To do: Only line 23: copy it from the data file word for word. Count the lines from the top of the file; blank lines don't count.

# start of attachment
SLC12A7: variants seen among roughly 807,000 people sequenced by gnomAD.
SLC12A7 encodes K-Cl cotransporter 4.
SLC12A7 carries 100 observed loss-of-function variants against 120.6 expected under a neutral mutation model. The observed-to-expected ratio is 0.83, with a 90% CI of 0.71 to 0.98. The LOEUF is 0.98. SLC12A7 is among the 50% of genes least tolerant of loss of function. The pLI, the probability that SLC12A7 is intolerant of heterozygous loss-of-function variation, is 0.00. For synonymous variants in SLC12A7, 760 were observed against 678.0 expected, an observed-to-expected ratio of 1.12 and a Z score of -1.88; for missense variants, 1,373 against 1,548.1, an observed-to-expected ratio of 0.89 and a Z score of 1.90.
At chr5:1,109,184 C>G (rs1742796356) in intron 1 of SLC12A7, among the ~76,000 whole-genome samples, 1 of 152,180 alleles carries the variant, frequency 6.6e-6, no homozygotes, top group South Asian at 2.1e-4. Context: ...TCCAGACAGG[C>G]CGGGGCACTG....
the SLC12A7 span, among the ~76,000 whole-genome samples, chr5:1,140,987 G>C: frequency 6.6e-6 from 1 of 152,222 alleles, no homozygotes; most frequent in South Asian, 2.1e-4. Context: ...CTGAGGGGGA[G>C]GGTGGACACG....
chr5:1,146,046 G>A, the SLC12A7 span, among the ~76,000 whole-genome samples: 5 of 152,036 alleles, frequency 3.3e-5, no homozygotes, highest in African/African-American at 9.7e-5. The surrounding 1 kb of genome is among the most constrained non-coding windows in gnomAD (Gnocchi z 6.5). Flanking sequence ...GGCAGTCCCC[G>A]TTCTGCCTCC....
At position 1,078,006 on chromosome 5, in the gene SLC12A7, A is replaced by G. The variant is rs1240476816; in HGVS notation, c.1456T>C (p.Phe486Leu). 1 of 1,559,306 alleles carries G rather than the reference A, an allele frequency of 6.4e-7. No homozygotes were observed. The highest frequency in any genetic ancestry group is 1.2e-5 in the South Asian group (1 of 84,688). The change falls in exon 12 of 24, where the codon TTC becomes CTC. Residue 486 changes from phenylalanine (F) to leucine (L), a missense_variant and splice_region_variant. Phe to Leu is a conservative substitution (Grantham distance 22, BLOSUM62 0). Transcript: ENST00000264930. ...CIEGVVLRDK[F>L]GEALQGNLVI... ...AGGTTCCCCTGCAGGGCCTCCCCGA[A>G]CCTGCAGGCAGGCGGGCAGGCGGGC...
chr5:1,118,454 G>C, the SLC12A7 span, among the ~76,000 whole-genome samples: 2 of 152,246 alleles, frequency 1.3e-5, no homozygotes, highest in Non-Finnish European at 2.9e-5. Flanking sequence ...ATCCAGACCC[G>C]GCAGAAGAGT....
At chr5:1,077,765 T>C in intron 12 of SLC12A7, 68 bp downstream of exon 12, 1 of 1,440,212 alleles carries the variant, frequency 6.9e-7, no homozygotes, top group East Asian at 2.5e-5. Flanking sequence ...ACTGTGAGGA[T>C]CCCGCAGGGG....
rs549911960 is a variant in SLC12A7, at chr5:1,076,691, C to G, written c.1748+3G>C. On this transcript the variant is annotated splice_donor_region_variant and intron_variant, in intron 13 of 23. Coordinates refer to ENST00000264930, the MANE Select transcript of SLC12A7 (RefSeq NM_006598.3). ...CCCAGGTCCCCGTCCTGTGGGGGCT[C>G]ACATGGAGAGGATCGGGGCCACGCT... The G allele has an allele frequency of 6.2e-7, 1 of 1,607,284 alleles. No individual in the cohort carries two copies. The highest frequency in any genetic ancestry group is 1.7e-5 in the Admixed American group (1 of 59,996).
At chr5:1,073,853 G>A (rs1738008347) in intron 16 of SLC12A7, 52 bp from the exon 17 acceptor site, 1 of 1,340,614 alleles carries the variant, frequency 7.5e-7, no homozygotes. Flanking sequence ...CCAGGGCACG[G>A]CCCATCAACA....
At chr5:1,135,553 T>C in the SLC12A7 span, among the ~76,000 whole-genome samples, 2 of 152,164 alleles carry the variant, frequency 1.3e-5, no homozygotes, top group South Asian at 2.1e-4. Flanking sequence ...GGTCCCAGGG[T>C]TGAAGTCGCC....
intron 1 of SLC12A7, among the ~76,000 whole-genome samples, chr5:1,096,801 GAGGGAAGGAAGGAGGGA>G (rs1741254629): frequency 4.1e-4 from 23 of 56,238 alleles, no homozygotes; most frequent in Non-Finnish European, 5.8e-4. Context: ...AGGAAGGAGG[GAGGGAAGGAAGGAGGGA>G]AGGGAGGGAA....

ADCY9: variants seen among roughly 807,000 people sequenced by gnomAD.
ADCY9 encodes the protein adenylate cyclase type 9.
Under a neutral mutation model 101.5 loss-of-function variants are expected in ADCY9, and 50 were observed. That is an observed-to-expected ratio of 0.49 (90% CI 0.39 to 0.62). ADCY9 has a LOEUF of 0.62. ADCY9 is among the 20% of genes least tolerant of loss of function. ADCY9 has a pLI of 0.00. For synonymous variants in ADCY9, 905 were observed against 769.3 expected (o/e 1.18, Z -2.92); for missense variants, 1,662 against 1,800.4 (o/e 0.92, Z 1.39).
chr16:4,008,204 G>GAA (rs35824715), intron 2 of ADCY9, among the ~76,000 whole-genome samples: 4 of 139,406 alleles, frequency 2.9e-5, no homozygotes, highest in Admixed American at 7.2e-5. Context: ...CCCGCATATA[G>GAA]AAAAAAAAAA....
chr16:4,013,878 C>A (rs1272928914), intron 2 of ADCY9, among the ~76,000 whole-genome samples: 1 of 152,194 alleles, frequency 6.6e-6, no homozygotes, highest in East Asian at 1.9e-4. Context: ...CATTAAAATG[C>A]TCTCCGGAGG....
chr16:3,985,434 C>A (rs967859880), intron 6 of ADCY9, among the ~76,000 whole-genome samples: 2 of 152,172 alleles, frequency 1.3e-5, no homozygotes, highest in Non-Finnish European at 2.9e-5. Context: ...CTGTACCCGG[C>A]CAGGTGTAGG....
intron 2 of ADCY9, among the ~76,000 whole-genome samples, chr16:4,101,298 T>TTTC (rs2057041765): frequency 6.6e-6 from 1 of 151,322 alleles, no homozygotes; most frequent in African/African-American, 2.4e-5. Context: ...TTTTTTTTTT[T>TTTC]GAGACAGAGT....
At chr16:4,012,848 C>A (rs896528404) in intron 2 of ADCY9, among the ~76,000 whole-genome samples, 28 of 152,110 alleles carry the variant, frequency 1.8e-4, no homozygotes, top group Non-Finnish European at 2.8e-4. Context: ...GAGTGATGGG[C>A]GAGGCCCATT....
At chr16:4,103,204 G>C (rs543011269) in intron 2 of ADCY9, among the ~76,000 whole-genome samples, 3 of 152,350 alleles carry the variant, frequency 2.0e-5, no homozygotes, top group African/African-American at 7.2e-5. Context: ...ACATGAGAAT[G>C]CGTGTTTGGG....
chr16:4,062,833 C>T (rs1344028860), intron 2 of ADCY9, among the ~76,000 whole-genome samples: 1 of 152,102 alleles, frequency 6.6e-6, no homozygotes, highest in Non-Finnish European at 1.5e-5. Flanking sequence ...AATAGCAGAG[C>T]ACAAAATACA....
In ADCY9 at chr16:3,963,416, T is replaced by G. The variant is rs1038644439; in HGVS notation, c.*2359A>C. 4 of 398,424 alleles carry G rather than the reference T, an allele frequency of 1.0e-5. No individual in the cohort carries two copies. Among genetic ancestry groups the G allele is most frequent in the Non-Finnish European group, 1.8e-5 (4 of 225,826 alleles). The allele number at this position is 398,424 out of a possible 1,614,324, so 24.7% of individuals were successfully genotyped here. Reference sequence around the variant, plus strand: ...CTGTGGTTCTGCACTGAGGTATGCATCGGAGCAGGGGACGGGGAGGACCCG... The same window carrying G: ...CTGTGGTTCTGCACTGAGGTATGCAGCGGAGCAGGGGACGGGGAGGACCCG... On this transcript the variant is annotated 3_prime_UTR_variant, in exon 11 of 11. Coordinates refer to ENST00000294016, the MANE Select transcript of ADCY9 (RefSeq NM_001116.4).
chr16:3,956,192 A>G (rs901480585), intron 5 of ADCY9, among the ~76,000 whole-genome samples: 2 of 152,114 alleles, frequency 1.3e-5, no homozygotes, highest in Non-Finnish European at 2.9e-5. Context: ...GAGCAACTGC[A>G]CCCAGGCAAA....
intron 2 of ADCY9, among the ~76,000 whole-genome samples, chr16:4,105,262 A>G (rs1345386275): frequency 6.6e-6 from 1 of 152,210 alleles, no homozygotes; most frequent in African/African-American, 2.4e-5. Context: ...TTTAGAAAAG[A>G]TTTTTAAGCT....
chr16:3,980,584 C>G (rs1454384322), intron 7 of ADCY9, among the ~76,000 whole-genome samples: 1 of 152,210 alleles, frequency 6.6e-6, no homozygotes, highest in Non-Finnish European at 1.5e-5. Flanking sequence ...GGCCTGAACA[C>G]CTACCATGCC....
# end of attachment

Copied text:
chr16:4,062,833 C>T (rs1344028860), intron 2 of ADCY9, among the ~76,000 whole-genome samples: 1 of 152,102 alleles, frequency 6.6e-6, no homozygotes, highest in Non-Finnish European at 1.5e-5. Flanking sequence ...AATAGCAGAG[C>T]ACAAAATACA....